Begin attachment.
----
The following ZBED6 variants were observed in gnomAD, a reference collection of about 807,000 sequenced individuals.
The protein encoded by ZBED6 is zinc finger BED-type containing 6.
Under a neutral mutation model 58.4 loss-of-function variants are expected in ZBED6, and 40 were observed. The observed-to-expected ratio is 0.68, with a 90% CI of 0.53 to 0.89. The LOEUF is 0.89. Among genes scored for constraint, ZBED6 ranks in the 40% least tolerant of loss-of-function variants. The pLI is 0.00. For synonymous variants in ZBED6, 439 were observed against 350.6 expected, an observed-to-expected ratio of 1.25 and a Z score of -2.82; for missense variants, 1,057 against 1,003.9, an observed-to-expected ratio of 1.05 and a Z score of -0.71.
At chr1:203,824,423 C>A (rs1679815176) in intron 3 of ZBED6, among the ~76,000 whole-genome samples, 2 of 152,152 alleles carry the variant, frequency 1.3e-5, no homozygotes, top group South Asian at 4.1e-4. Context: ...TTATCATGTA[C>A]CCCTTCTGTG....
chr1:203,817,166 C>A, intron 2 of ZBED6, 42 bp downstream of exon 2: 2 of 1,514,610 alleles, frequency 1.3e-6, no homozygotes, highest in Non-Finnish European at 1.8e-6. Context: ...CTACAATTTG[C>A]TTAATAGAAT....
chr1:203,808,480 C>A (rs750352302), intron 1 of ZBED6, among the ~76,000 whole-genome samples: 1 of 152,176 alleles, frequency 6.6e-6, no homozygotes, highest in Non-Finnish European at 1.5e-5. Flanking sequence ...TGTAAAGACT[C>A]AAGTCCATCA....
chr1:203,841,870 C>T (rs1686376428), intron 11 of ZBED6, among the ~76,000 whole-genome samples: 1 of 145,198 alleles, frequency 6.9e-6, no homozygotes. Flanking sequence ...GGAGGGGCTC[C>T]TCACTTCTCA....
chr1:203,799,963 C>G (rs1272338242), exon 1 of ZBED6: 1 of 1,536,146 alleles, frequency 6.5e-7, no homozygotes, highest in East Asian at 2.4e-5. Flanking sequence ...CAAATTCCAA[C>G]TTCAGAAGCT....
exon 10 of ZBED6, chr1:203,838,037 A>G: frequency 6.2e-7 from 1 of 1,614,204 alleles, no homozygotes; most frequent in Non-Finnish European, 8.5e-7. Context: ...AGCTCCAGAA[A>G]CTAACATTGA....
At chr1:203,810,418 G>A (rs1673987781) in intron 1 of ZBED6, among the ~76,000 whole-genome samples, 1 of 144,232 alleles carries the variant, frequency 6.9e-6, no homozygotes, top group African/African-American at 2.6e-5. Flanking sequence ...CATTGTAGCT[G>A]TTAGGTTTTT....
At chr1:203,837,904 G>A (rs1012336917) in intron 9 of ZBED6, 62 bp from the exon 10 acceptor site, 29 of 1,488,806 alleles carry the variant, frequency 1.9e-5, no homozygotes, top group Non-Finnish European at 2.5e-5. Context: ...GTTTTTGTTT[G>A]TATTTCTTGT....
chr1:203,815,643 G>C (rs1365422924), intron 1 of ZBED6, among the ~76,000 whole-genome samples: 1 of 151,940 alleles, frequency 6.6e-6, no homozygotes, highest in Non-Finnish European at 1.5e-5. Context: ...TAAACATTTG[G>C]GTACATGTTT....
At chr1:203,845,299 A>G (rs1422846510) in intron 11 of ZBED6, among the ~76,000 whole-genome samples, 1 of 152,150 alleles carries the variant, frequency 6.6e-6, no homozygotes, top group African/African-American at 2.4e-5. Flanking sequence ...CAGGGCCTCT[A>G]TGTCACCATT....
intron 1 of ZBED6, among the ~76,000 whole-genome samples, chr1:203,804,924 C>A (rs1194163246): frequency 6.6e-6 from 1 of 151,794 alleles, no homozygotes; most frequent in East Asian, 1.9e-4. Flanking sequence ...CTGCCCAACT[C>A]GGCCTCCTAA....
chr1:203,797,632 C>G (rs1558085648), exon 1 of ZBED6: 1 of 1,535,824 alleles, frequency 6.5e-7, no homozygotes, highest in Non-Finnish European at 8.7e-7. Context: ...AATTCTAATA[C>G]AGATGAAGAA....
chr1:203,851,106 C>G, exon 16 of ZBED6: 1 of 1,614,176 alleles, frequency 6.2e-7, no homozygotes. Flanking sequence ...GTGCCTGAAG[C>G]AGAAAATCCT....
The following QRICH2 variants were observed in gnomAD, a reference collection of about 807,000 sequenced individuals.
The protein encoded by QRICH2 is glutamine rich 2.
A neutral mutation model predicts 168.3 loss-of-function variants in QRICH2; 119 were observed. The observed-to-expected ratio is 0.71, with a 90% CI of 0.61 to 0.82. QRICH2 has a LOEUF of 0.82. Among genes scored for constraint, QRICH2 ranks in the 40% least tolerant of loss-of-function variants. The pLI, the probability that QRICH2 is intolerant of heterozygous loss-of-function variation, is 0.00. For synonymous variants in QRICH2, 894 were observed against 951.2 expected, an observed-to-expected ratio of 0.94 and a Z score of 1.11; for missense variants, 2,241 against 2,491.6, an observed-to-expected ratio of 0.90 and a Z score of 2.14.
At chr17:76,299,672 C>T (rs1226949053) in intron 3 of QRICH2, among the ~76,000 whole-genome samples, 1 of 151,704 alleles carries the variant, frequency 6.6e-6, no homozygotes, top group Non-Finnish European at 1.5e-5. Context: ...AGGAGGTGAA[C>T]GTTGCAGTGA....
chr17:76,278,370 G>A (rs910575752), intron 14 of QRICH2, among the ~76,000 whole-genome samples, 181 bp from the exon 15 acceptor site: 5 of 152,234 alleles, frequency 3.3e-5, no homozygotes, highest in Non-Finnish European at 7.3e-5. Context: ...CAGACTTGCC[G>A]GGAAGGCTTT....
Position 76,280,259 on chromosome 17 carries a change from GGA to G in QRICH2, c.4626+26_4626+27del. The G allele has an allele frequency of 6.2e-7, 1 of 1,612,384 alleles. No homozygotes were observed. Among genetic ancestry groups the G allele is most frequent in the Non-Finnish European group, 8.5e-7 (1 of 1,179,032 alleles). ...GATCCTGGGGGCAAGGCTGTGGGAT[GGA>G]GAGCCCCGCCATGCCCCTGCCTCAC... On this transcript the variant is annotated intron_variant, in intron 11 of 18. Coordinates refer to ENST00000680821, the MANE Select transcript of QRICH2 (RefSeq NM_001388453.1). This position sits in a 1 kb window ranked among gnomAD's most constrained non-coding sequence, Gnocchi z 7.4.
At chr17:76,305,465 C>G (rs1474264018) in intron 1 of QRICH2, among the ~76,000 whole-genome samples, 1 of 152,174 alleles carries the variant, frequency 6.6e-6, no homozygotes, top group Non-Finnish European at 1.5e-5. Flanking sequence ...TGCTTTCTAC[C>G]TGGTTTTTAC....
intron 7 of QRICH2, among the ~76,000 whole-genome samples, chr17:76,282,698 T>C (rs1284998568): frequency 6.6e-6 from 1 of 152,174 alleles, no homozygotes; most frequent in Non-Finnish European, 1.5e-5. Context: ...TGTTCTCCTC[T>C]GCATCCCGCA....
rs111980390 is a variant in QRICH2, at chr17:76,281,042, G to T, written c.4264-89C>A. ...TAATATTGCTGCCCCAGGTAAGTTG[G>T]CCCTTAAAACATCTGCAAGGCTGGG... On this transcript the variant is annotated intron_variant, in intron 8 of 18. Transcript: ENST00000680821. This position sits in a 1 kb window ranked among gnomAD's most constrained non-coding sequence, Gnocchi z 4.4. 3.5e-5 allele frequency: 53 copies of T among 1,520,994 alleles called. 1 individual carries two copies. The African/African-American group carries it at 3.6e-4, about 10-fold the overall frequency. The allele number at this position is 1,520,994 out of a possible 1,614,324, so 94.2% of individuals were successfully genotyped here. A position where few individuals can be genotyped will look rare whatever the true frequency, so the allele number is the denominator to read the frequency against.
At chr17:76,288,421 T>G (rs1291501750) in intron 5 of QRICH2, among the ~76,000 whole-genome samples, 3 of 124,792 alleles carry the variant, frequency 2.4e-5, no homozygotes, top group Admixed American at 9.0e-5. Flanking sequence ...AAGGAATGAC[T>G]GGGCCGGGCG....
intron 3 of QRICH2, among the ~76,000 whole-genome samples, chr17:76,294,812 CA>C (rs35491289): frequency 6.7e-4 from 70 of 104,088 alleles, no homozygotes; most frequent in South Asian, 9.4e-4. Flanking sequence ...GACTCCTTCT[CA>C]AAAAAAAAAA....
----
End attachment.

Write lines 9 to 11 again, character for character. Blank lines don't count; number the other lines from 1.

exon 10 of ZBED6, chr1:203,838,037 A>G: frequency 6.2e-7 from 1 of 1,614,204 alleles, no homozygotes; most frequent in Non-Finnish European, 8.5e-7. Context: ...AGCTCCAGAA[A>G]CTAACATTGA....
At chr1:203,810,418 G>A (rs1673987781) in intron 1 of ZBED6, among the ~76,000 whole-genome samples, 1 of 144,232 alleles carries the variant, frequency 6.9e-6, no homozygotes, top group African/African-American at 2.6e-5. Flanking sequence ...CATTGTAGCT[G>A]TTAGGTTTTT....
At chr1:203,837,904 G>A (rs1012336917) in intron 9 of ZBED6, 62 bp from the exon 10 acceptor site, 29 of 1,488,806 alleles carry the variant, frequency 1.9e-5, no homozygotes, top group Non-Finnish European at 2.5e-5. Context: ...GTTTTTGTTT[G>A]TATTTCTTGT....